Aardvark DailyNew Zealand's longest-running online daily news and commentary publication, now in its 24th year. The opinion pieces presented here are not purported to be fact but reasonable effort is made to ensure accuracy.
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Welcome to the longest day of the year.
Hell, with all the crap weather we've had up until now and the fact that the overnight low in Tokoroa was just 5 degrees night before last, it's hard to believe that as of tomorrow, the days will already be getting shorter.
But to today's topic...
Laws and regulations are tricky things. They have to walk the fine line between balancing the freedoms of the individual against the safety and rights of the majority.
One problem we're increasingly seeing is that technology is advancing at such a rapid pace that regulations and laws simply can't keep up.
Because the process of creating a law or regulation is so complex (consultation, drafting, honing, enactment, review, etc), there tends to be quite a long delay between the time when the need for such a control is recognised -- and when the relevant piece of legislation is finally bought into effect.
That's fine when we're dealing with issues that remain relatively unchanged and require review or regulation only due to changes in what we deem to be "acceptable" by the standards of contemporary society.
However, when it comes to areas involving rapidly changing technologies and their capabilities, our traditional regulatory process tends to fall flat on its face.
We've seen this happen with synthetic drugs which, for too long, were a source of legal (and often toxic) highs -- whilst the natural (and many would say "safer") forms of cannabis were illegal.
Of course when technology moves too quickly for regulators and legislators, the tendency is to over-regulate, sometimes by a huge margin.
Let's take the subject of drones for instance (stop glazing over and reaching for the "back" button...bear with me a moment).
As I've said on a number (too many?) occasions, drones have been subjected to way too much regulatory over-reach. Those responsible for making the regulations are ill-informed, ignore the scientifically valid evidence which suggests these things are quite safe, and prefer to enact restrictions based on hysterical rather than logic or sound reasoning.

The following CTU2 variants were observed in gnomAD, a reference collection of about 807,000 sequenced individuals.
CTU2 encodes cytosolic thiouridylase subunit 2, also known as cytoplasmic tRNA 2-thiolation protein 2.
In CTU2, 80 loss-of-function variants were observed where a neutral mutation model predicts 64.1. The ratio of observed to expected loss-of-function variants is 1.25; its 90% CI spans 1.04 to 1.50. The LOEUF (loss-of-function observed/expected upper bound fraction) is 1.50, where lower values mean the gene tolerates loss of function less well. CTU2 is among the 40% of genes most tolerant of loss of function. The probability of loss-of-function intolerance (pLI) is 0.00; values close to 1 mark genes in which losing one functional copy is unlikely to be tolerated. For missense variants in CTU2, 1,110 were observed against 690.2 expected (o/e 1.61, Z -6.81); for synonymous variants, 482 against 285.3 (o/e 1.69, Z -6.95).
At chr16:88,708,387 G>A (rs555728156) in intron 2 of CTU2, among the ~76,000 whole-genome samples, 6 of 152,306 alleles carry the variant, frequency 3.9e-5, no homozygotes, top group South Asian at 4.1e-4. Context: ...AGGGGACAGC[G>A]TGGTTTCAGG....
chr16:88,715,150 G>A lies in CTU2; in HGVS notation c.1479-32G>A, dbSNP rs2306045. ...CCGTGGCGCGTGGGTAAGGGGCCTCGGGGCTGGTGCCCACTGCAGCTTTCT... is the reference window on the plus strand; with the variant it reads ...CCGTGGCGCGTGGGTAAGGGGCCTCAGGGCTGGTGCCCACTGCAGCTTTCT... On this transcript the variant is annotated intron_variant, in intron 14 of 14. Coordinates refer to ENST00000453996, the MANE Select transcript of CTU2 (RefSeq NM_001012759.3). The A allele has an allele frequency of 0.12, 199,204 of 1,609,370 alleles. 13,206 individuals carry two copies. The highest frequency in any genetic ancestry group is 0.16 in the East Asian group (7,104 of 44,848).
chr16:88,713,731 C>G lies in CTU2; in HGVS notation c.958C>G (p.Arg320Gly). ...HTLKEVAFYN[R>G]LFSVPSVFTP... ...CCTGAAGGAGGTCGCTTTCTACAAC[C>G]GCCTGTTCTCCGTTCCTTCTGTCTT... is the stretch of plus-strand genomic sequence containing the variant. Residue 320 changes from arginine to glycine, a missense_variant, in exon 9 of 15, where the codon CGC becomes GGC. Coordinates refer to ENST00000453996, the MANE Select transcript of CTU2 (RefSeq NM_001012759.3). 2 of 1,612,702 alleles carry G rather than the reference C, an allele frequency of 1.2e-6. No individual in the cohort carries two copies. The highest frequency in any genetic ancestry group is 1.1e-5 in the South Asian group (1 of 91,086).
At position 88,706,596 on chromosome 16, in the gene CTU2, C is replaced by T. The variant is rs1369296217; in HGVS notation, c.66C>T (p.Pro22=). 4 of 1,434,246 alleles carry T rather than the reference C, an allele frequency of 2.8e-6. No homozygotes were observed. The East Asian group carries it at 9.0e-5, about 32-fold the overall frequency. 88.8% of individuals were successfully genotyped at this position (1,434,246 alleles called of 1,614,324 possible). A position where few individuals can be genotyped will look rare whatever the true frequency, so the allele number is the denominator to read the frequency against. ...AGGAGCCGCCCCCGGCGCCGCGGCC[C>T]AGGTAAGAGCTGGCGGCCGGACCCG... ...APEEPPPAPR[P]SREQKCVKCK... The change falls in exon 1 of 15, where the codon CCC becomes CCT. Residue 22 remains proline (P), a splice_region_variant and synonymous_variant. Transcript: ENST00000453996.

Why else would it be legal for someone to operate a 450HP car, capable of speeds which are two and a half times the legal road limit, in a public place -- yet illegal for the same person to fly a 18g child's toy in a grassy field miles from anywhere or anyone?
As I said... no logic, no consideration for the evidence and driven by an unreasonable hysteria.
But here's a video that's bound to wind up the hysteria level even more:
Now this must surely challenge the regulators.
You can't fly a manned aircraft (of any type) in this country without the appropriate training, license or supervision. But what if you're flying a drone... whilst suspended underneath on a rope?
Is that now a "manned aircraft"? Or is it simply an unmanned aircraft lifting a man?
In theory, you could build such a craft and fly around your own property with reckless abandon (and scant regard for your own safety). However, you can't build a proper aircraft and fly it without the requisite pilot's license.
Hmmmm... another gap in the regulations because the technology is moving at a pace that even CAA's hysteria can't match.
Could this be "the next big thing" for the idiot that has everything?
For a few thousand dollars (much less than the cost of a jetski or snowmobile, you could have your own uberdrone that can lift you into the air, take you water/snow-skiing or deliver jet-pack capabilities -- without the need for a pesky license or any real form of control (drone rules notwithstanding).
Will Santa be bringing you one of these this year?
If so, let's hope your stocking also contains a decent first-aid kit :-)
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